I’ve had little pets for a few years now and I get a lot of people asking if they think they’d be a good pet for their kid or a good first pet for someone. Whilst I’d more or less always yes to this, because they make amazing pets, they are not for the feint hearted and, in my opinion, definitely not beginner pets. They’re upkeep can be time consuming, they won’t always trust you right away so sometimes that can put people off, they’re medical bills can be costly, and it’s recommended that they always live in pairs. They require a lot of attention and this can sometimes get a little overwhelming for people, especially if they’re looking for an easy pet. Although they are fantastic pets, they do require a little bit of work and patience.
For being a small animal, they need a lot of living space.
The required sizing for small animals is sometimes a little off. If you google the required sizes for two adult guinea pigs it’ll say somewhere between six feet squared to eight feet squared. From my experience, this isn’t enough. When you consider food, bedding, hideaways, hay, toys and water, it doesn’t leave them much room to run around in. I’d say for two guinea pigs at least ten square feet is a decent amount. Snow’s cage is ten square feet and she also has access to the floor of the room (which is pet proof, ofc) so she has miles of room to run around in.
The rats cage is actually big enough for up to 4-6 rats (I have 2!) so they have plenty of room to climb around in. It’s also full of boxes to hide away in, hammocks, ledges and ropes, running wheels, tunnels, toys and lots of things to climb on. This can be a high cost when you first get a cage because they generally don’t come with anything inside them, so you will need to buy all the toys etc yourself separately.
They require constant upkeep and cleaning, despite living mostly in a cage.
Even though all my little pets live in a cage, except Snow who gets free roam of the pet room floor as well as her cage, their cages and living spaces need to be fresh and clean. This means fresh bedding and blankets for the rats every three to four days, fresh fleece bedding and blankets for Snow every two to three days, clean bars, running wheels and hideaways, water bottles changed twice daily with fresh water, and poop swept up and removed at least once a day, if not more.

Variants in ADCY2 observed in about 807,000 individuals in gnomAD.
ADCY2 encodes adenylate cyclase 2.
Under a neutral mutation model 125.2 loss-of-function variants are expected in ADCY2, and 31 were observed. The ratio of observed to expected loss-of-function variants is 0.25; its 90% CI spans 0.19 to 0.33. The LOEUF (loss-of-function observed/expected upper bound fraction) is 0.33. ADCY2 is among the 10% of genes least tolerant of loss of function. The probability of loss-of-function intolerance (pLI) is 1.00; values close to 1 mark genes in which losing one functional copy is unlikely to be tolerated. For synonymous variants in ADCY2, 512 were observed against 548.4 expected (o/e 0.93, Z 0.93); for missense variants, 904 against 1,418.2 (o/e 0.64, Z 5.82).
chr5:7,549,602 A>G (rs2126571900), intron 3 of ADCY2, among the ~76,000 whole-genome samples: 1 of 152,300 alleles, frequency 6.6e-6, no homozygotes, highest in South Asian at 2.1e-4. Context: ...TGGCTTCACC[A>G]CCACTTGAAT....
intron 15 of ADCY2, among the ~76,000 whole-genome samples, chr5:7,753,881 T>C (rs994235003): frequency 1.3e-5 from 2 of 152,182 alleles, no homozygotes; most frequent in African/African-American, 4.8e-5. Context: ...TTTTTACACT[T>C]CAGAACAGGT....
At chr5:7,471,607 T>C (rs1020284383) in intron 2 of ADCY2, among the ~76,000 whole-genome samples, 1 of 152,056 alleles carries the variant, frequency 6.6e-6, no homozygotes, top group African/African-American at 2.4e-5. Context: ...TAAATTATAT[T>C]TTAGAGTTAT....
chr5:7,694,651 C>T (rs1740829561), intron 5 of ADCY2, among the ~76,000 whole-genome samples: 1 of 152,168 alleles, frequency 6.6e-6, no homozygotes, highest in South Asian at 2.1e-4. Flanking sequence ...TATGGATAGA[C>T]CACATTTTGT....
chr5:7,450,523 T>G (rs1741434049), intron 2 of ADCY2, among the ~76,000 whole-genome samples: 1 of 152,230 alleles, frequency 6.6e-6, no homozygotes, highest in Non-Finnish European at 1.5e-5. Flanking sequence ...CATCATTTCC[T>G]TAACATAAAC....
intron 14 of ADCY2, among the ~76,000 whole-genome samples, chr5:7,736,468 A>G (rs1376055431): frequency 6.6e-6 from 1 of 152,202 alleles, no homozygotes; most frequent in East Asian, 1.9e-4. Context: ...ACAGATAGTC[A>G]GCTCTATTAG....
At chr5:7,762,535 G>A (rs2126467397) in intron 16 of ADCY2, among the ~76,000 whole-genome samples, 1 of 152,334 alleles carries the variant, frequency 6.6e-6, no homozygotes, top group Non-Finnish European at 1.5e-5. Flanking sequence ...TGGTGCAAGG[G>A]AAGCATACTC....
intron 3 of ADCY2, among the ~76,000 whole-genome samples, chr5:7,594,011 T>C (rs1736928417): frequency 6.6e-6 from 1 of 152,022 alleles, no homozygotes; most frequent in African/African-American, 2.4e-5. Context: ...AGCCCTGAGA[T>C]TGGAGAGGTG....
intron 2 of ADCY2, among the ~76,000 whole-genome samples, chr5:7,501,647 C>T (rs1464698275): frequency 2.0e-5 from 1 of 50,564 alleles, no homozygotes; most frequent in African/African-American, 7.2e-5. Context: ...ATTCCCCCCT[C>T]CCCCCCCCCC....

This can sometimes take me between an hour to two hours a day, depending on what needs done, so it can be very time consuming. Something to keep in mind if you’re planning on getting some little furry babies of your own.
Food needs to be varied and fresh, can’t just be buying food in cans or boxes.
With small pets you can’t just feed them food from a box or a sachet like you can with cats or dogs. They require a balanced diet of fresh vegetables and fruits, as well as fresh sources of protein for rats (they’re omnivores like us!).
Snow on a daily basis is given a variety of fresh vegetables and fruits from a list of produce that we know she likes, such as romaine lettuce, cucumber, peppers, carrot, parsley, blueberries, tomatoes, strawberries and grapes. She won’t be given all of this at once, it’s varied throughout the week. On top of this she also requires a constant access to fresh hay and nuggets to munch on, this makes up the majority of her diet and is needed for her to keep her teeth happy and healthy and her digestive system moving at all times. If a guinea pig stops eating, this can cause they’re little digestive system to shut down and lead to an early death.